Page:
Wednesday, December 25, 2013

RSO, Part 1

Oh, by the way, Merry Christmas! It's a long time since I posted, having gotten derailed from modeling this summer and making very little progress on aztec decals for Starcraft's 1:1400 scale Saber-class starship. Meanwhile, I've started on an armor (well, softskin) project that should get me back on track (no pun intended) but not take terribly long to complete.

I recently got the Chinese version of Italeri's 1/35 RSO. It includes a sheet of photoetched details by Voyager and decals by Cartograph, neither of which I would expect to find in the Italian boxing. Sorry about the glare, but you know what the model looks like. The cat's name is Rory (as in Mr. Amy Pond). This kit was very inexpensive, Lucky Model's deal of the month or whatnot. A little history of this kit: Italeri (then Italaerei) bought the molds for this kit from Peerless/Max when they went out of business in the 1970s. Peerless Max is probably best known for their kits of various U.S. Army subjects in the range between the Jeep and the deuce-and-a-half (Italaerei bought a bunch of these molds, too). I never knew about their RSO since I don't remember seeing Peerless/Max kits at the 5 and dime where I bought models back then. But the Peerless/Max kits, while primitive by today's standards, are still pretty impressively detailed and engineered kits, and AFAIK pretty accurate.

A major reason I bought this kit was that I already had the Fruil tracks for it. Someone had tossed them into the table of parts for the Iron Modeler competition at Wonderfest. The stuff was free to all takers once the competition was concluded. Since I build armor also, I snatched these up.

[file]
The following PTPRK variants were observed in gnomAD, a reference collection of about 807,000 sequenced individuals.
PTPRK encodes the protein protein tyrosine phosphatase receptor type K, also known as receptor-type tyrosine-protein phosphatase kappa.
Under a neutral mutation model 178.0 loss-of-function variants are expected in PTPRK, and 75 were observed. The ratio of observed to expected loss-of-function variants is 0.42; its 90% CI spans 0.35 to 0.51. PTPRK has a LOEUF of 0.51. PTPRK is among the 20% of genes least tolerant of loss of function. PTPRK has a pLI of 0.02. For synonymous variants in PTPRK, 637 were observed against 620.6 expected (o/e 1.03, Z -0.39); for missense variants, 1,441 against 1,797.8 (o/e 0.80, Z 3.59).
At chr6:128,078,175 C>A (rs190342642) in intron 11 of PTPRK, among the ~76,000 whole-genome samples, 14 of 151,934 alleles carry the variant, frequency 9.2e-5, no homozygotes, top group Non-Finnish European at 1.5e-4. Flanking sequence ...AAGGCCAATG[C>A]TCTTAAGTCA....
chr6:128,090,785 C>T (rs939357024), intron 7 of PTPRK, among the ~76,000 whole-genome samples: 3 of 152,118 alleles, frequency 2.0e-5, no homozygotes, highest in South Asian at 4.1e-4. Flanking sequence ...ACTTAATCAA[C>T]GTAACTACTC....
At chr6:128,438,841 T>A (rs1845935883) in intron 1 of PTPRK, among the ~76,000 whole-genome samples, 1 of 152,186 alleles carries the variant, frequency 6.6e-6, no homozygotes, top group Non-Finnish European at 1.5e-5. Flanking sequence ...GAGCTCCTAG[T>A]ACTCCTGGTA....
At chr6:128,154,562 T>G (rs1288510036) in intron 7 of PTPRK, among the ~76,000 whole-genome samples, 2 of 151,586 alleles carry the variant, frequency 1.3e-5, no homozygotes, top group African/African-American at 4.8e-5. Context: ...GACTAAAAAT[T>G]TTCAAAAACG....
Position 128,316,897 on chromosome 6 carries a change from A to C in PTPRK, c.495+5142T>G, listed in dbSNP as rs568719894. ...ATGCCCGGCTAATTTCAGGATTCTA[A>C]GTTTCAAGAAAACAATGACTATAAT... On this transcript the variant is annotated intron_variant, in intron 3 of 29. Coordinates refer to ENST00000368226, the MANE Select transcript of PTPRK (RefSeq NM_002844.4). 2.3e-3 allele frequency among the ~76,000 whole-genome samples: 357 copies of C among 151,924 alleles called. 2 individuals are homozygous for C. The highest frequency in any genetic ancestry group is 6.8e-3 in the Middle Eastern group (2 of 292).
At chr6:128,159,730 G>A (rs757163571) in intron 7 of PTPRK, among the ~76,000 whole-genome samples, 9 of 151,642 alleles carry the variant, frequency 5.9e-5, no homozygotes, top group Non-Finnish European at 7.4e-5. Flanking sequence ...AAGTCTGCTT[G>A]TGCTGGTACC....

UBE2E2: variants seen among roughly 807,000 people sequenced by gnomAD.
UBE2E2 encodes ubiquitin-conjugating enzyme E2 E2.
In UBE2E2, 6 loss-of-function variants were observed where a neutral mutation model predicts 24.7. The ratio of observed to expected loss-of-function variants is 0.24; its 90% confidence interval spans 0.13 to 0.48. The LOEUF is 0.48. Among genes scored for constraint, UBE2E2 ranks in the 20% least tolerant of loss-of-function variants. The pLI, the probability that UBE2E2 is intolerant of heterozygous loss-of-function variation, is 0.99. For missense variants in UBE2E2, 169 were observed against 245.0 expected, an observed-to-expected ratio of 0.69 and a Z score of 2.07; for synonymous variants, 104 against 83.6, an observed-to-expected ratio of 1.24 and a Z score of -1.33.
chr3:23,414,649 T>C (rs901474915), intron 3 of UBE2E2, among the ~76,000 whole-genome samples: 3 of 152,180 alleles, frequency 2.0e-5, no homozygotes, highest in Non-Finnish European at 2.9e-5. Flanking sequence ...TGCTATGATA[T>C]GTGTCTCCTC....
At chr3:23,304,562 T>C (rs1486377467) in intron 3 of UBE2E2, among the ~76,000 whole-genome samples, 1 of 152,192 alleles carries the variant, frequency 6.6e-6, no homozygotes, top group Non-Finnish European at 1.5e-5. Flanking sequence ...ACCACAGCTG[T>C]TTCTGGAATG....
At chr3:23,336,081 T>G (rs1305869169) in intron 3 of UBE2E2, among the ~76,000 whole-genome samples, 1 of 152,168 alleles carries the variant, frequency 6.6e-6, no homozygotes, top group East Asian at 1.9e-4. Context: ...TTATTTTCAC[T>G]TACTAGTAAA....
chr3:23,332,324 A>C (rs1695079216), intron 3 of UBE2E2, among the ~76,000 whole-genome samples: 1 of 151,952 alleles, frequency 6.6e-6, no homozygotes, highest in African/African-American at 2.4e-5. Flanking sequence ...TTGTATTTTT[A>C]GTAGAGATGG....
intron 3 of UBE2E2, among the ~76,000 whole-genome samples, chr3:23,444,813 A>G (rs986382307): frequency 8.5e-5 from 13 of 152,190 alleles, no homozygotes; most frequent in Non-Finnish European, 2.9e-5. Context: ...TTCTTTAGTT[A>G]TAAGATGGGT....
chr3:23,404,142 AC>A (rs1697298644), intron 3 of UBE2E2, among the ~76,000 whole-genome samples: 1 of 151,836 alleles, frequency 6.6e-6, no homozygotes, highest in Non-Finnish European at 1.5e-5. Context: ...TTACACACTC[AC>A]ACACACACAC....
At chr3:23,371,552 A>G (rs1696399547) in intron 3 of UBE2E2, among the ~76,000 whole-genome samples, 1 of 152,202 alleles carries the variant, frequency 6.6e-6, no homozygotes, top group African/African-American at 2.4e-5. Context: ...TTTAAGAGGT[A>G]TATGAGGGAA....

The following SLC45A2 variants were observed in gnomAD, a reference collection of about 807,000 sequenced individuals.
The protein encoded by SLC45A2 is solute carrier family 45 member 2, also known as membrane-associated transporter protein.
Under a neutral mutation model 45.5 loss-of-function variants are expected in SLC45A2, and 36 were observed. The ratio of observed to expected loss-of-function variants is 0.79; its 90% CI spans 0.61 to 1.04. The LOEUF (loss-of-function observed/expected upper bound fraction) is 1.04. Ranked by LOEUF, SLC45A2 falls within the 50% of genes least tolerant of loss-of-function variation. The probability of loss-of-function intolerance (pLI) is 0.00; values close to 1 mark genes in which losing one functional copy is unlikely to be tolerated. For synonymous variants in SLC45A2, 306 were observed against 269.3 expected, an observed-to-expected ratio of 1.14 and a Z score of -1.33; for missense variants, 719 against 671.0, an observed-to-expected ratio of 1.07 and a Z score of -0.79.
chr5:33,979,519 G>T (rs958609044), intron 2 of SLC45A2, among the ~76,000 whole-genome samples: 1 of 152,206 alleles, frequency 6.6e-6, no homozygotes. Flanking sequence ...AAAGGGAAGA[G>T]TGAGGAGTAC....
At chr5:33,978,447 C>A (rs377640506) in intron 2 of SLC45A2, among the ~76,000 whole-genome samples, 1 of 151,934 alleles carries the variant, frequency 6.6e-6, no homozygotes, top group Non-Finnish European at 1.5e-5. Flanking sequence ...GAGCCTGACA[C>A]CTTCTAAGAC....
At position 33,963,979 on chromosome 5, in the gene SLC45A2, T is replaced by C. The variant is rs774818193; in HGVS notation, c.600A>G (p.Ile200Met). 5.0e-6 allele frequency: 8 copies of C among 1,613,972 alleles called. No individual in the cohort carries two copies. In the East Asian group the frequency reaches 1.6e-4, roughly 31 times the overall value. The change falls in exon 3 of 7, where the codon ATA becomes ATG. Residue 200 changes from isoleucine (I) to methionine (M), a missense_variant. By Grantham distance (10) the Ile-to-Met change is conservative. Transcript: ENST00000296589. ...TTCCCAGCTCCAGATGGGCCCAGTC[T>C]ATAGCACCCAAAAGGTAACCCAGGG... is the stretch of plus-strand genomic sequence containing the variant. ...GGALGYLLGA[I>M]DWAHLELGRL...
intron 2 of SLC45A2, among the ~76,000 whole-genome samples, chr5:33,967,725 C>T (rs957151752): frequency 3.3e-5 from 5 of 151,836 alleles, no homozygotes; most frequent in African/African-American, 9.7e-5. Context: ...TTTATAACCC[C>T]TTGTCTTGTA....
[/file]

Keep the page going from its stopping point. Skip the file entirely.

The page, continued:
At right you see the assembly fixture, followed by a picture in which I demonstrate how to use the fixture. These tracks are not what I expected: there is no wire to form track pins. Instead, the track pins are cast as part of each link. The part of each link that is like a hinge barrel is open so it can trap the pin in the next link. You place the assembly on the fixture and press the open barrel shut (here I'm doing it with a jeweler's screwdriver), and you get workable track.

Here's one run of track test fitted on the tractor. They look pretty good here, but I had to cut out a couple links in which the pins broke, probably because I closed the links together with too much force. PMMS has a review of Fruil's track set for the RSO, but it's for a new version, which confusingly has the same number of ATL-29. The differences are that the new links are more accurate, that they have wire for link pins and bolt head parts to make right- and left-hand tracks, and that sprockets are included. The new set apparently takes 69 links per run. I don't have the Panzer Tracts for the RSO, so I don't know how many links it should take. I looked at the best photo I could find of a real RSO and tried to count the number of links, and it seemed to be 72. The run I assembled took 67 links.

Since there are two versions of Fruil's track set ATL-29, you may get the old set when you think you're ordering the new set. However, I'm pretty happy with the old set. They are a bit wider to fit the wider kit sprockets, but the difference in width is kind of hard to see. Once I got the hang of assembling them, it was a breeze. True, the bolt heads on the link pins aren't there, but to my eye these are too large on the new track set. All in all, I don't see a lot of reason to prefer the new set over the old.

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